# Historical Volatility Calculator

Estimate the historical volatility of a financial asset using our online calculator. By inputting a series of historical price data, such as daily or weekly closing prices, you can calculate the historical volatility of the asset.

## What Is Historical Volatility?

Historical statistical volatility provides an indication of how the stock price has changed over a given period of time. While some analysts may use historical volatility as a means of predicting future stock performance, it may not necessarily be a correct indication as historical influences may have driven price changes. Furthermore, the stock price is directly influenced by major news items.

Historical volatility can be measured in a myriad of ways. This calculator computes historical volatility using two different approaches:

- The standard deviation of logarithmic returns, which is also referred to as centered historical volatility.
- The zero-mean method, which is also referred to as non-centered historical volatility.

## Calculating Logarithmic Returns

To calculate the stock volatility from a set of historical stock price data, you start by determining the daily logarithmic returns, which is known as the continuously compounded return. This is computed as follows:

R_{i} = ln ( C_{i} / C_{i-1} )

Where:

**R _{i}** is the return of a given stock over the period

**i**,

**ln** is the natural log function,

**C _{i}** is the closing price at the end of the period

**i**,

**C _{i-1}** is the closing price at the end of the period immediately before period

**i**.

## Standard Deviation of Logarithmic Returns

The standard deviation of logarithmic returns is the most commonly employed method of determining historical volatility. To compute historical volatility using this approach, simply determine the sample standard deviation of **n** last returns as follows:

Where:

**R _{i}** is the return of a given stock over the period

**i**,

**R _{avg}** is the average of all the daily returns, R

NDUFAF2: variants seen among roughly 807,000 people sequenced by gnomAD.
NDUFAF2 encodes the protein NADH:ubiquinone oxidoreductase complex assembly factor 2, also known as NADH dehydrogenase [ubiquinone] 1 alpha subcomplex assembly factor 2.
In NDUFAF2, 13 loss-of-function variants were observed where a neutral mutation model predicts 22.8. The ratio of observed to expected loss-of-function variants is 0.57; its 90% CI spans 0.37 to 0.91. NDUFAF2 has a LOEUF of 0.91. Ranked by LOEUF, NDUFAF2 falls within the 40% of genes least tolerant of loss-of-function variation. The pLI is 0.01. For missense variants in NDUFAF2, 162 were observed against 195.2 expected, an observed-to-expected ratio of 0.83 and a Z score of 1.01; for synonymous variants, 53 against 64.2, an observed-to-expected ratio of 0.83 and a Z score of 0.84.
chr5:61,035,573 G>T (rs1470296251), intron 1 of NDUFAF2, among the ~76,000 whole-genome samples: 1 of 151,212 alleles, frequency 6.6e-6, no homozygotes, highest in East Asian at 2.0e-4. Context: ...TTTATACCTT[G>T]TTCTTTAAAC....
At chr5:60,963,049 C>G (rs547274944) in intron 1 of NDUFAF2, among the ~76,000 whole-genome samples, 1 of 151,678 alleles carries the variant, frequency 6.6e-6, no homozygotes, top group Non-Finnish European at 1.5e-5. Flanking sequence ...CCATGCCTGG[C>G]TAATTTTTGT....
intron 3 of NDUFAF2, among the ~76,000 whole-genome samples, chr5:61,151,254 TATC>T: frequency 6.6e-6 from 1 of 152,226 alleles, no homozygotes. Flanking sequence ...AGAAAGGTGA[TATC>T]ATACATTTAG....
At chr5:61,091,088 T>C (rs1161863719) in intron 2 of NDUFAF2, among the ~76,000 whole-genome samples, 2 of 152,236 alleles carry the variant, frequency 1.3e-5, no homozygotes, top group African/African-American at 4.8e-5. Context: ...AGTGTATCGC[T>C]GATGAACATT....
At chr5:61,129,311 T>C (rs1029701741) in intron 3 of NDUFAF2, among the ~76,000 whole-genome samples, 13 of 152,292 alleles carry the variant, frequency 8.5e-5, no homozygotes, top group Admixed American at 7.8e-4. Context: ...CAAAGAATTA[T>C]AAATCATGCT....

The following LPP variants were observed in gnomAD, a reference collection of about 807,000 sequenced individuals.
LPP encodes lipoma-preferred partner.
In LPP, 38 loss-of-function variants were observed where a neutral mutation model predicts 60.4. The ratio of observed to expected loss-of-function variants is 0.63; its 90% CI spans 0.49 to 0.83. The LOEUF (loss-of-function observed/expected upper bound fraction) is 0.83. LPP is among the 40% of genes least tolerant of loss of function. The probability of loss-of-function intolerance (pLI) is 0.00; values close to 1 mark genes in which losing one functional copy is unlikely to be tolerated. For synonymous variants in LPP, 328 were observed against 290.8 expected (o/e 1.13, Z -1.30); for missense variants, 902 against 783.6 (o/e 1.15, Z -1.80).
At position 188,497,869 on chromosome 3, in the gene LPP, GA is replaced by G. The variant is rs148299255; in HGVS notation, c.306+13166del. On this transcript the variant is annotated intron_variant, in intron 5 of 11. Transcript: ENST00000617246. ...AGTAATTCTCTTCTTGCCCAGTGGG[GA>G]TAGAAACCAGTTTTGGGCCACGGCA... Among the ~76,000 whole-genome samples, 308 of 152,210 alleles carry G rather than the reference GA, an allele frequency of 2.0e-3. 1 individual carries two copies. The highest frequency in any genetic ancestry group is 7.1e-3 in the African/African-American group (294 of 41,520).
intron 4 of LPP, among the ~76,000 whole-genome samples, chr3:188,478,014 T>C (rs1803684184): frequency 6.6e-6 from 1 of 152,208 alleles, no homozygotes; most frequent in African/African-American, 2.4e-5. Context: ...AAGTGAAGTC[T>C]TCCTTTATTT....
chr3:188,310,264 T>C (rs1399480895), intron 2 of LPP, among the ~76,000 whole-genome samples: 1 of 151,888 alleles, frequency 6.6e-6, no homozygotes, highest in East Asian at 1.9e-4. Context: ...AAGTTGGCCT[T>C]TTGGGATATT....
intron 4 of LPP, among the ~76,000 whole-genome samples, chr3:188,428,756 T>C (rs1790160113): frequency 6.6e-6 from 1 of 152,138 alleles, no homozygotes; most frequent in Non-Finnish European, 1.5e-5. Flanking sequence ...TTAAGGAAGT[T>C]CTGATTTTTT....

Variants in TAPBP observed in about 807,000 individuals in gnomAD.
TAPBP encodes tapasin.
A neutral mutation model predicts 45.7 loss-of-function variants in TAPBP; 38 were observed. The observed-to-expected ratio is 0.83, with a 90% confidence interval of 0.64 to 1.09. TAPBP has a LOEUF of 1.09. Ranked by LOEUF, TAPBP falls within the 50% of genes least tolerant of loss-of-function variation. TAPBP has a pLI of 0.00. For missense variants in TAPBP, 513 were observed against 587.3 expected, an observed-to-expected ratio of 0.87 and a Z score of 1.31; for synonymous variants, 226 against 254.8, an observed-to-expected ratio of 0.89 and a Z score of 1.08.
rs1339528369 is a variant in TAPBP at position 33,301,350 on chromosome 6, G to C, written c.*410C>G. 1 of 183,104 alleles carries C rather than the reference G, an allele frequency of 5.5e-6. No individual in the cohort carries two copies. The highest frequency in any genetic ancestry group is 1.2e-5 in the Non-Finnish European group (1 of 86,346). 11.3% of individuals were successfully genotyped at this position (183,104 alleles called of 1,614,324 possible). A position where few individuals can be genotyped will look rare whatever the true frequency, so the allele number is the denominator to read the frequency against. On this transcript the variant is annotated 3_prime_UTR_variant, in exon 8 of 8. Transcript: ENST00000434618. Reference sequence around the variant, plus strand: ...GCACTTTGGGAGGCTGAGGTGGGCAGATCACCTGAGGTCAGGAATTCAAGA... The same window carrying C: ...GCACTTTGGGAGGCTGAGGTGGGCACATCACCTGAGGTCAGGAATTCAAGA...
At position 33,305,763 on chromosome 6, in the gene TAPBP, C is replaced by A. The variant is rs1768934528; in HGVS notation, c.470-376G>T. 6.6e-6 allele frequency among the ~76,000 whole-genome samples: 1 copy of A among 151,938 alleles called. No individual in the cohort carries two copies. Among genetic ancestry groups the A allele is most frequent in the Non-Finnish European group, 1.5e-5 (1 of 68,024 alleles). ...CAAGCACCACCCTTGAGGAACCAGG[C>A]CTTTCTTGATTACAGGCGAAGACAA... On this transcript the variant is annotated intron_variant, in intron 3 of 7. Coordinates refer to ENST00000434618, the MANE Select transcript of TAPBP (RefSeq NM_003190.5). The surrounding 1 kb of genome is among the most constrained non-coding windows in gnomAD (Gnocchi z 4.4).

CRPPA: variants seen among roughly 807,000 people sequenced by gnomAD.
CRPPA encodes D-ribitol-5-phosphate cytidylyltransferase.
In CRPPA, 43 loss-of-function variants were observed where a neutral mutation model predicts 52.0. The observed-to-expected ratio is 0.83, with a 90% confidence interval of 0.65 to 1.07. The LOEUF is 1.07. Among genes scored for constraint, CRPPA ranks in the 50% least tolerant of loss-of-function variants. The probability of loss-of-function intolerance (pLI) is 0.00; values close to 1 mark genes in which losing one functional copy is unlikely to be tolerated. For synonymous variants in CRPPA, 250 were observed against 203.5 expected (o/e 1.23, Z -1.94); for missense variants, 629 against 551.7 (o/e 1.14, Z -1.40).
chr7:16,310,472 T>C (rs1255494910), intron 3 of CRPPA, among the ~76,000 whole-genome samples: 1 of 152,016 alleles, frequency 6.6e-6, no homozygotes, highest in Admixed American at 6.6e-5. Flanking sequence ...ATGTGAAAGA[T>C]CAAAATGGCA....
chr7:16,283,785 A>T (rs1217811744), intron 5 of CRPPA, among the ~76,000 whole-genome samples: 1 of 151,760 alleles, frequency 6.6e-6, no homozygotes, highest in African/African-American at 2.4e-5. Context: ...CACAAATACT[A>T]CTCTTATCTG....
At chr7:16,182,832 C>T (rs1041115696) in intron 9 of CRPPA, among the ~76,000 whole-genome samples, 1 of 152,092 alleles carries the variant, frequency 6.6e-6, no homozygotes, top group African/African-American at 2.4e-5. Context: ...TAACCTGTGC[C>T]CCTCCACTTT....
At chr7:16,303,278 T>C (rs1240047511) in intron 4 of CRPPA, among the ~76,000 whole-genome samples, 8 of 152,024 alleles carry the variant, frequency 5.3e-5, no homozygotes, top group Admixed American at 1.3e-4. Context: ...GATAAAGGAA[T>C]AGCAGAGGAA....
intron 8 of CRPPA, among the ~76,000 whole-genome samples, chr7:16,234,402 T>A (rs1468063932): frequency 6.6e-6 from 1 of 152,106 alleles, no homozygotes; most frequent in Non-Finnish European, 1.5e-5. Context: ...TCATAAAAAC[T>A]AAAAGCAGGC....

_{avg}= (1/n) Σ

_{i=1...n}R

_{i}

The formula above is applicable for 1-period historical volatility. Volatility is usually computed and cited in annualized form. To annualize 1-period of volatility, simply multiply it by the square root of the number of periods per year (**N**). For instance, if there were 252 trading days in the year, the annualized volatility will be computed as the 1-day volatility multiplied by the square root of 252. Annualized historical volatility is thus determined as follows:

## The Zero-Mean Approach

The zero-mean approach represents a modified form of the standard deviation method. Historical volatility is the standard deviation of returns; however, the average return (**R _{avg}**) is assumed to be zero. As such, the formula is modified as follows:

The annualized historical volatility is computed as follows:

## Historical Volatility Calculator example

Certainly! Historical volatility is a measure of the price volatility of a financial instrument over a specific period of time. Let's consider an example of calculating historical volatility for a stock using historical price data.

Assume we have collected the daily closing prices of a stock for the last 30 trading days. Here are the closing prices (in arbitrary units):

120, 125, 122, 130, 128, 126, 135, 132, 140, 138, 142, 145, 150, 155, 151, 148, 152, 155, 160, 159, 162, 165, 163, 160, 158, 156, 153, 158, 160

Step 1: Calculate logarithmic returns.

First, we need to calculate the logarithmic returns, which measure the rate of change in the stock price relative to the previous day's closing price. We can calculate the logarithmic returns using the formula:

Logarithmic Return = ln(Pt/Pt-1)

where Pt is the closing price at day t and Pt-1 is the closing price on the previous day.

For example, the logarithmic return for the second day would be:

ln(125/120) ≈ 0.041

Similarly, we calculate the logarithmic returns for all the days in the data set.

Step 2: Calculate the standard deviation of logarithmic returns.

Next, we calculate the standard deviation of the logarithmic returns. This gives us a measure of the volatility of the stock over the given period.

Using the formula for standard deviation, we calculate the standard deviation of the logarithmic returns.

In our example, let's say the standard deviation of the logarithmic returns is calculated to be approximately 0.029.

Step 3: Calculate historical volatility.

To calculate the historical volatility, we annualize the standard deviation by multiplying it by the square root of the number of trading days in a year. Let's assume there are 252 trading days in a year.

Historical Volatility = Standard Deviation * sqrt(252)

Using the example values, the historical volatility would be:

0.029 * sqrt(252) ≈ 0.459

Therefore, the historical volatility for this stock, based on the given data, is approximately 45.9%.

Please note that this is a simplified example for illustrative purposes. In practice, historical volatility is typically calculated using a larger sample size and more precise techniques, and there may be variations and refinements to the calculation method depending on the context and requirements.